The recent judgment from the appeal in the case of May v Wavell group has given parties a little more to chew on in terms of guidance on the application of proportionality. However, it is not guidance from the Court of Appeal and can only be taken as a reasonable indicator of the approach to be taken.
The comment that seems to have gained the most coverage in the days following the judgment was His Honour Judge Dight's comment that proportionality was not a "blunt instrument" with which to arbitrarily reduce costs that have been assessed as reasonable on a line by line basis.
The judgment does give some reasonable insight to the thoughts of HHJ Dight on the process and much of what is said seems eminently sensible. I do believe that there must be good reason to make further reductions to costs that have already been deemed to be reasonably incurred and reasonable in amount. If the approach suggested is adopted around the country on detailed assessment, then one could reasonably expect that in many cases there would be no further reduction made and where there is a reduction made, it will not be substantial.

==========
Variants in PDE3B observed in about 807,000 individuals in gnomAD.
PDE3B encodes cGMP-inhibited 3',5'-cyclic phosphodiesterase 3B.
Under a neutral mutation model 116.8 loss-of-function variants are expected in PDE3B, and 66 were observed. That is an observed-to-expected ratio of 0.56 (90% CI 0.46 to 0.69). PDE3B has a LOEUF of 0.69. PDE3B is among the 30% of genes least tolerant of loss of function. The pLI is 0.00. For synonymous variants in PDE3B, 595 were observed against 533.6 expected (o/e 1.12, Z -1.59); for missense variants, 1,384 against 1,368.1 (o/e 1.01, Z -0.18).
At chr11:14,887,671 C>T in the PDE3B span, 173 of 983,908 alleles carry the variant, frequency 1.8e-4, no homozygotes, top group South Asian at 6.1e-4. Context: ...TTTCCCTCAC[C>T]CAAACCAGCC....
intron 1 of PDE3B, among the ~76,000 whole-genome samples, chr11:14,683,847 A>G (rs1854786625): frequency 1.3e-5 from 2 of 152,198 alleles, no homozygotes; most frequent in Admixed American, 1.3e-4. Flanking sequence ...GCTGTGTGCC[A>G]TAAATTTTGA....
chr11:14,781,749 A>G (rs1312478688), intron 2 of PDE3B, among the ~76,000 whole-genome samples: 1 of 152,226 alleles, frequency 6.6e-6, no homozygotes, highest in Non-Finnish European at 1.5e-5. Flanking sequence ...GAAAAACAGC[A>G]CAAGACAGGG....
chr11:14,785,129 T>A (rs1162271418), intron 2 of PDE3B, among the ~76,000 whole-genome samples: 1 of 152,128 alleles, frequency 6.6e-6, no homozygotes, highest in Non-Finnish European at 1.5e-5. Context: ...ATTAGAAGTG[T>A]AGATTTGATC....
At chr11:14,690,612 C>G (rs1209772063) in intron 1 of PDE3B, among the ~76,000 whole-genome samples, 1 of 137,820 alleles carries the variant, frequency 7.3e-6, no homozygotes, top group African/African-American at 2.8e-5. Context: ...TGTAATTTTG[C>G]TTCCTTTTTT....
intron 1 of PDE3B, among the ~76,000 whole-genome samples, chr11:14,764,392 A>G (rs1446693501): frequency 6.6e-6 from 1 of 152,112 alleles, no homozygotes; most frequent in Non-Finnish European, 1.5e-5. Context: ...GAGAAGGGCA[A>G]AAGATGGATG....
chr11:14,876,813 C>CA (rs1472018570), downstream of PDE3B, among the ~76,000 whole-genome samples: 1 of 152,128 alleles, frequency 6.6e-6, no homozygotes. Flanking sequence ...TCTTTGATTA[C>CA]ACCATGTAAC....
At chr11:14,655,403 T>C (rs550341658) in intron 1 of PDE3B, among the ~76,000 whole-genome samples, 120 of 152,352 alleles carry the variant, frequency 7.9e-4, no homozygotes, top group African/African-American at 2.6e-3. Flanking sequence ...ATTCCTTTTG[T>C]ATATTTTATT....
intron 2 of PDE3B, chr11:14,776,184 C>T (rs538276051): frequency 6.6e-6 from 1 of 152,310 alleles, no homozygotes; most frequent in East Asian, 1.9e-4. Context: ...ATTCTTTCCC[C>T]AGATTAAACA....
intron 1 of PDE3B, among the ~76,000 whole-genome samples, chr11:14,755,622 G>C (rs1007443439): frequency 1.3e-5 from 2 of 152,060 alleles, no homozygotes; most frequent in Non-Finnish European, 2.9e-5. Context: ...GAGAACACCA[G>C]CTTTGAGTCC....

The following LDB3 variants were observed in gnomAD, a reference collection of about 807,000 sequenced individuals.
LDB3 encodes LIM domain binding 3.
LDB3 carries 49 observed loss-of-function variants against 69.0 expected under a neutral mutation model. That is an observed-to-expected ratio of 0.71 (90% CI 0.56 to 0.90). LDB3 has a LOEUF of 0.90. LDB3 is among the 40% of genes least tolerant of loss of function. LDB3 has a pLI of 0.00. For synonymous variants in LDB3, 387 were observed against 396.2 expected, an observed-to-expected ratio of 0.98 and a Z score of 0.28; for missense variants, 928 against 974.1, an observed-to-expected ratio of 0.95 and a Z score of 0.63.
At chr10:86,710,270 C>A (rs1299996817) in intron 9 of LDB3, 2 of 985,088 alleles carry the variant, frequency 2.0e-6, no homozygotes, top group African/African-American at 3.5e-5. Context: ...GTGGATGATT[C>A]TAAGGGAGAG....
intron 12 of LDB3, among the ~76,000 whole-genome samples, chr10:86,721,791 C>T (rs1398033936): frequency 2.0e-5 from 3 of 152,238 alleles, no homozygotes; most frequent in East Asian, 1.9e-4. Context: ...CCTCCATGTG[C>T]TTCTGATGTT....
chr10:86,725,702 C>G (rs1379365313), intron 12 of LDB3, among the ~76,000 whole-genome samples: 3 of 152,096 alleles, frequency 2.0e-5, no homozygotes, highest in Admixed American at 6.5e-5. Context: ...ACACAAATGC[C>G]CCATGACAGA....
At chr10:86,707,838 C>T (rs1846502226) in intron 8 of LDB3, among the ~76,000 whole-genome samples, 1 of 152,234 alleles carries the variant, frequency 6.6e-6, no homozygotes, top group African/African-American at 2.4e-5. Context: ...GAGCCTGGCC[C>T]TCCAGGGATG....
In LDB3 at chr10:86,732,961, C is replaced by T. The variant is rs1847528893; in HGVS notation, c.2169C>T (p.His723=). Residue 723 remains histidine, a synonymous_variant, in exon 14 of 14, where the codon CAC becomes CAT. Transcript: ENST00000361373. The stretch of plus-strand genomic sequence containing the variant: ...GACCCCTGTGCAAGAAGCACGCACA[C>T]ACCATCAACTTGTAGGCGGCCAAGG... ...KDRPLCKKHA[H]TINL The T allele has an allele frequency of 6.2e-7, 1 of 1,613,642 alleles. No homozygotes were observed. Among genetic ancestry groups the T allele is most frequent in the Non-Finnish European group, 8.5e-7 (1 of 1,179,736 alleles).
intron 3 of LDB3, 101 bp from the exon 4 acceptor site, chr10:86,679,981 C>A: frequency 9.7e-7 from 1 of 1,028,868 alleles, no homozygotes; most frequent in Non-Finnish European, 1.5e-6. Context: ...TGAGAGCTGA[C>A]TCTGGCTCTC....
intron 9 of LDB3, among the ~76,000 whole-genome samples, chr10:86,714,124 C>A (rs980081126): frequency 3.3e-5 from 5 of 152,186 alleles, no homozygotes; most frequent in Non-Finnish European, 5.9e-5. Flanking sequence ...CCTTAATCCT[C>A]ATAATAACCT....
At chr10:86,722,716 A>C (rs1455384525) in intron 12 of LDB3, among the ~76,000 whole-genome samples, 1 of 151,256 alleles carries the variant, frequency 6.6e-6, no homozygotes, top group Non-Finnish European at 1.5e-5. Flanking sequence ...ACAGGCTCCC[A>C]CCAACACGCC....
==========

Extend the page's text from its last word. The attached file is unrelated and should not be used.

My concern is in the comments made with regard to the intention of the rules committee. HHJ Dight stated:
“I doubt that the rules committee intended that a costs judge could or should bypass an item-by-item assessment and simply impose what he or she believed to be a proportionate global figure."
The practical implementation of the test requires the judge to have made a line by line assessment of the figures before the new test is applied, but it seems to me that it certainly is open to the judge to impose whatever sanction is felt necessary to bring the recoverable costs down to a "reasonable and proportionate figure". On that basis, the comments of HHJ Dight make little sense from a practical implementation standpoint.
This judgment just serves to muddy the waters yet further on proportionality. There is a real requirement for the Court of Appeal to give some firm guidance to practitioners on this point or we will continue to struggle in the dark with this issue. It is a shame that the Court of Appeal did not take the opportunity when hearing the appeal in the matter of BNM v Newsgroup Newspapers to provide some meaningful guidance on proportionality.
Lets hope that this is to come at some stage and the sooner the better for all.